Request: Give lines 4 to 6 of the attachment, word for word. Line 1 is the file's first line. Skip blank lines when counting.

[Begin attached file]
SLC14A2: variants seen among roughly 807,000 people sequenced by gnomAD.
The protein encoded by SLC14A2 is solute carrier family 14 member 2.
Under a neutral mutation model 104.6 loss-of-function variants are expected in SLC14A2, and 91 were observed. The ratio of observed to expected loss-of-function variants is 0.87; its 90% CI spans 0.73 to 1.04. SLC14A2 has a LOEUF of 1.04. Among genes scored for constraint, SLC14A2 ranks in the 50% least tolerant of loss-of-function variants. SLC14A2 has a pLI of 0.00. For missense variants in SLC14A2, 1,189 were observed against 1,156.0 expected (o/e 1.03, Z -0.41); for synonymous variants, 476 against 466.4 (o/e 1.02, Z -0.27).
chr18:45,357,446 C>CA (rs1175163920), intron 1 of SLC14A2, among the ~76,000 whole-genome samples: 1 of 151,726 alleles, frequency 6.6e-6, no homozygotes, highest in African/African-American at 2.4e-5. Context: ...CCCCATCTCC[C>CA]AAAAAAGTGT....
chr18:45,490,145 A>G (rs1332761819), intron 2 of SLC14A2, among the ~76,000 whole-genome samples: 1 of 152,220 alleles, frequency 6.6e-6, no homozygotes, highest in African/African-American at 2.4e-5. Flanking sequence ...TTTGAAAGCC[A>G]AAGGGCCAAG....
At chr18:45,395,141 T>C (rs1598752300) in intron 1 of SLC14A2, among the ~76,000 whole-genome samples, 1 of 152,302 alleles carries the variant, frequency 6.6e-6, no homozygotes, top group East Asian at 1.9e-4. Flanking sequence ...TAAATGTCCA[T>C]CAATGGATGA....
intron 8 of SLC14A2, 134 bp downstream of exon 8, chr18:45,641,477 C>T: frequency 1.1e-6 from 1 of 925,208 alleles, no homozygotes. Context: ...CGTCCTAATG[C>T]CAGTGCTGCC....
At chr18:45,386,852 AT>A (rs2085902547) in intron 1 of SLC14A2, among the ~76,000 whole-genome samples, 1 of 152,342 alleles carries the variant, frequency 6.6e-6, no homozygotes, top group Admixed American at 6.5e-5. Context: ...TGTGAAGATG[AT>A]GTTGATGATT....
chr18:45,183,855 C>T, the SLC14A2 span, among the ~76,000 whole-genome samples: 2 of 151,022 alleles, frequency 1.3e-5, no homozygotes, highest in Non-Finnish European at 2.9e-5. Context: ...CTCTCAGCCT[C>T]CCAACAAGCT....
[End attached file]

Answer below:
chr18:45,357,446 C>CA (rs1175163920), intron 1 of SLC14A2, among the ~76,000 whole-genome samples: 1 of 151,726 alleles, frequency 6.6e-6, no homozygotes, highest in African/African-American at 2.4e-5. Context: ...CCCCATCTCC[C>CA]AAAAAAGTGT....
chr18:45,490,145 A>G (rs1332761819), intron 2 of SLC14A2, among the ~76,000 whole-genome samples: 1 of 152,220 alleles, frequency 6.6e-6, no homozygotes, highest in African/African-American at 2.4e-5. Flanking sequence ...TTTGAAAGCC[A>G]AAGGGCCAAG....
At chr18:45,395,141 T>C (rs1598752300) in intron 1 of SLC14A2, among the ~76,000 whole-genome samples, 1 of 152,302 alleles carries the variant, frequency 6.6e-6, no homozygotes, top group East Asian at 1.9e-4. Flanking sequence ...TAAATGTCCA[T>C]CAATGGATGA....